Animalia > Chordata > Mammalia > Rodentia > Muroidea > Cricetidae > Reithrodontomys > Reithrodontomys megalotis
 

Reithrodontomys megalotis (western harvest mouse)

Synonyms:
Language: Spanish

Wikipedia Abstract

The western harvest mouse (Reithrodontomys megalotis) is a small neotomine mouse native to most of the western United States. Its range extends from southwest British Columbia and southeast Alberta continuously to west Texas, northeast Arkansas, northwest Indiana, southwest Wisconsin, and the interior of Mexico to Oaxaca. Many authorities consider the endangered salt marsh harvest mouse to be a subspecies, but the two are now usually treated separately.
View Wikipedia Record: Reithrodontomys megalotis

EDGE Analysis

Uniqueness Scale: Similiar (0) 
3
 Unique (100)
Uniqueness & Vulnerability Scale: Similiar & Secure (0) 
21
 Unique & Vulnerable (100)
ED Score: 7.22
EDGE Score: 2.11

Attributes

Adult Weight [1]  11 grams
Birth Weight [1]  1 grams
Diet [2]  Granivore, Herbivore
Diet - Plants [2]  50 %
Diet - Seeds [2]  50 %
Forages - Ground [2]  100 %
Female Maturity [1]  3 months 17 days
Male Maturity [1]  80 days
Gestation [1]  23 days
Litter Size [1]  3
Litters / Year [1]  4.5
Maximum Longevity [3]  4 years
Nocturnal [4]  Yes
Snout to Vent Length [3]  2.756 inches (7 cm)
Weaning [1]  21 days

Ecoregions

Protected Areas

Biodiversity Hotspots

Name Location Endemic Species Website
California Floristic Province Mexico, United States No
Madrean Pine-Oak Woodlands Mexico, United States No
Mesoamerica Belize, Costa Rica, El Salvador, Guatemala, Honduras, Mexico, Nicaragua, Panama No

Prey / Diet

Prey / Diet Overlap

Predators

Consumers

Range Map

Distribution

North America;

External References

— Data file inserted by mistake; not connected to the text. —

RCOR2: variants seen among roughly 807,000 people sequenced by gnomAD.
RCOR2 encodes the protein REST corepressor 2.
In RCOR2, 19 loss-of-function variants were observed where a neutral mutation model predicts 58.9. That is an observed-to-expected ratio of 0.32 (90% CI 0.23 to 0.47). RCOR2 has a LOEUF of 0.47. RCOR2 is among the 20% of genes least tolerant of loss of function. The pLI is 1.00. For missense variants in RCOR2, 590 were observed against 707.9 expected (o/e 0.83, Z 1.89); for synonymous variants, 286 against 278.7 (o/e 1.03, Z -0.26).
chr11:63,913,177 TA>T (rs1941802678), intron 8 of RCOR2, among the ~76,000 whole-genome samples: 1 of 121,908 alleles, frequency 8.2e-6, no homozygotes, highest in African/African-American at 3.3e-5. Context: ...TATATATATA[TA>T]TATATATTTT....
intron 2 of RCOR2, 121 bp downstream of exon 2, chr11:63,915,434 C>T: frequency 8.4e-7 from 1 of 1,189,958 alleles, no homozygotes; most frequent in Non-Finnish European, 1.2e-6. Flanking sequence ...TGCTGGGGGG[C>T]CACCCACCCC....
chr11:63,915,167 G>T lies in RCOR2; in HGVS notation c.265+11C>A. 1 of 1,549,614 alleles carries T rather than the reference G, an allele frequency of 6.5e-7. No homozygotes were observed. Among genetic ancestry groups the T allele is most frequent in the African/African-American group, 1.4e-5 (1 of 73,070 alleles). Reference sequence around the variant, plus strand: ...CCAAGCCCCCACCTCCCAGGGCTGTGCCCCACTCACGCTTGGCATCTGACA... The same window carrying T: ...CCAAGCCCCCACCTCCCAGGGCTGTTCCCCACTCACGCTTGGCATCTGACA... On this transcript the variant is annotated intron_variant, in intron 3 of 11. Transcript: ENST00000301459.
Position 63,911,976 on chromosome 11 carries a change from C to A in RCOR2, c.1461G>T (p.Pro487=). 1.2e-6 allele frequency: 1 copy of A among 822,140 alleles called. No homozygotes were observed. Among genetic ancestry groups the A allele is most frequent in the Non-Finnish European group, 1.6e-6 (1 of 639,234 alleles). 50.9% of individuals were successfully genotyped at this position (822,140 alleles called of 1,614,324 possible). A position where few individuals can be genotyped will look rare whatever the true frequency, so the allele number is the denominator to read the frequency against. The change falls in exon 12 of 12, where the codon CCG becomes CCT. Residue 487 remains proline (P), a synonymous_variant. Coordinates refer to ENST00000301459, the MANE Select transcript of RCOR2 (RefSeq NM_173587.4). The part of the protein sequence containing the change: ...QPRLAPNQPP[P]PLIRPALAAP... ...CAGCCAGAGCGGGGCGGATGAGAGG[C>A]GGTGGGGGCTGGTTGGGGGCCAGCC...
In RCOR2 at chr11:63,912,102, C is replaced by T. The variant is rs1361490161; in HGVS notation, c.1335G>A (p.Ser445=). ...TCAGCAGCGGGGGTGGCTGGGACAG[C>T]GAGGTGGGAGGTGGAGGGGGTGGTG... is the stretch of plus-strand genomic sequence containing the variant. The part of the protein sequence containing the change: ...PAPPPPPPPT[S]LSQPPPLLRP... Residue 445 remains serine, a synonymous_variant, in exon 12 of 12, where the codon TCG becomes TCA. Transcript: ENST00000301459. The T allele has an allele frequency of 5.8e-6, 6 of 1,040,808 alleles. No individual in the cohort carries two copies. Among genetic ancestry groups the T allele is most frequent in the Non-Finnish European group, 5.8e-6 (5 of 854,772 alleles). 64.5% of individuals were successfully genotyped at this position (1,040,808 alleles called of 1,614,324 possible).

Photos

Citations

Attributes / relations provided by
1de Magalhaes, J. P., and Costa, J. (2009) A database of vertebrate longevity records and their relation to other life-history traits. Journal of Evolutionary Biology 22(8):1770-1774
2Hamish Wilman, Jonathan Belmaker, Jennifer Simpson, Carolina de la Rosa, Marcelo M. Rivadeneira, and Walter Jetz. 2014. EltonTraits 1.0: Species-level foraging attributes of the world's birds and mammals. Ecology 95:2027
3Nathan P. Myhrvold, Elita Baldridge, Benjamin Chan, Dhileep Sivam, Daniel L. Freeman, and S. K. Morgan Ernest. 2015. An amniote life-history database to perform comparative analyses with birds, mammals, and reptiles. Ecology 96:3109
4Myers, P., R. Espinosa, C. S. Parr, T. Jones, G. S. Hammond, and T. A. Dewey. 2006. The Animal Diversity Web (online). Accessed February 01, 2010 at animaldiversity.org
5Food Habits of Rodents Inhabiting Arid and Semi-arid Ecosystems of Central New Mexico, ANDREW G. HOPE AND ROBERT R. PARMENTER, Special Publication of the Museum of Southwestern Biology, NUMBER 9, pp. 1–75 (2007)
6Resources of a Snake Community in Prairie-Woodland Habitat of Northeastern Kansas, Henry S. Fitch, U.S Fish and Wildlife Service, Wildlife Research Report 13: 83-98 (1982)
7Jorrit H. Poelen, James D. Simons and Chris J. Mungall. (2014). Global Biotic Interactions: An open infrastructure to share and analyze species-interaction datasets. Ecological Informatics.
8FOOD HABITS OF A HARLAN'S HAWK AND LONG-EARED OWLS IN KANSAS, Ted T. Cable and John S. Bond, Kansas Ornithological BULLETIN, Vol. 42, No. 2, June, 1991, p. 25-27
9Feeding ecology of North American gopher snakes (Pituophis catenifer, Colubridae), JAVIER A. RODRÍGUEZ-ROBLES, Biological Journal of the Linnean Society, 2002, 77, 165–183
10Variation in the Diet of Sistrurus catenatus (Massasauga), with Emphasis on Sistrurus catenatus edwardsii (Desert Massasauga); Andrew T. Holycross and Stephen P. Mackessy; Journal of Herpetology, Vol. 36, No. 3, pp. 454–464, 2002
11Thomomys townsendii, B. J. Verts and Leslie N. Carraway, MAMMALIAN SPECIES No. 719, pp. 1–6 (2003)
12International Flea Database
Ecoregions provided by World Wide Fund For Nature (WWF). WildFinder: Online database of species distributions, ver. 01.06 WWF WildFINDER
Biodiversity Hotspots provided by Critical Ecosystem Partnership Fund
Abstract provided by DBpedia licensed under a Creative Commons License